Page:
Email updates

Keep up to date with the latest news and content from European Journal of Medical Research and BioMed Central.

Open Access Research

Optical coherence tomography for bladder cancer - ready as a surrogate for optical biopsy? - Results of a prospective mono-centre study

A Karl1*, H Stepp2, E Willmann1, A Buchner1, Y Hocaoglu1, C Stief1 and S Tritschler1

Author Affiliations

1 Urologische Klinik und Poliklinik der Ludwig-Maximilians-Universität München, Campus Großhadern, Munich, Germany

2 LIFE Center, Campus Großhadern, Munich, Germany

For all author emails, please log on.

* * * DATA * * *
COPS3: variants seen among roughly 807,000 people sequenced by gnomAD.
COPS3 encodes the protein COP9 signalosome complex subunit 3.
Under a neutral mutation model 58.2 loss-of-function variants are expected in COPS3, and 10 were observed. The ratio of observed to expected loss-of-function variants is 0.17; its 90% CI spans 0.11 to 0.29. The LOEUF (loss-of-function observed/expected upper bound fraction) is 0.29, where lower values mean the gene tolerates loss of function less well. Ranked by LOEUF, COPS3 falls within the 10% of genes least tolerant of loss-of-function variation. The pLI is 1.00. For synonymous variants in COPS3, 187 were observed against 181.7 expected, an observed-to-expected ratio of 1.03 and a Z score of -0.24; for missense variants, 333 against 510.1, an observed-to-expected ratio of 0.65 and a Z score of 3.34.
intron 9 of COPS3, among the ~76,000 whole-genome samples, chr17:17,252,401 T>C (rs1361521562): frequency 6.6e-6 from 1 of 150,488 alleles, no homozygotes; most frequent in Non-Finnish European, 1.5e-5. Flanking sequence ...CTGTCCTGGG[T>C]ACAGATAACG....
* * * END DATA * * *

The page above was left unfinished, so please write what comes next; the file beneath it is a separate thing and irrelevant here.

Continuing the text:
European Journal of Medical Research 2010, 15:131-134  doi:10.1186/2047-783X-15-3-131

The electronic version of this article is the complete one and can be found online at: http://www.eurjmedres.com/content/15/3/131


Received:20 October 2009
Accepted:3 November 2009
Published:30 March 2010

© 2010 I. Holzapfel Publishers

Abstract

Introduction

New modalities like Optical Coherence Tomography (OCT) allow non-invasive examination of the internal structure of biological tissue in vivo. The potential benefits and limitations of this new technology for the detection and evaluation of bladder cancer were examined in this study.

Materials and methods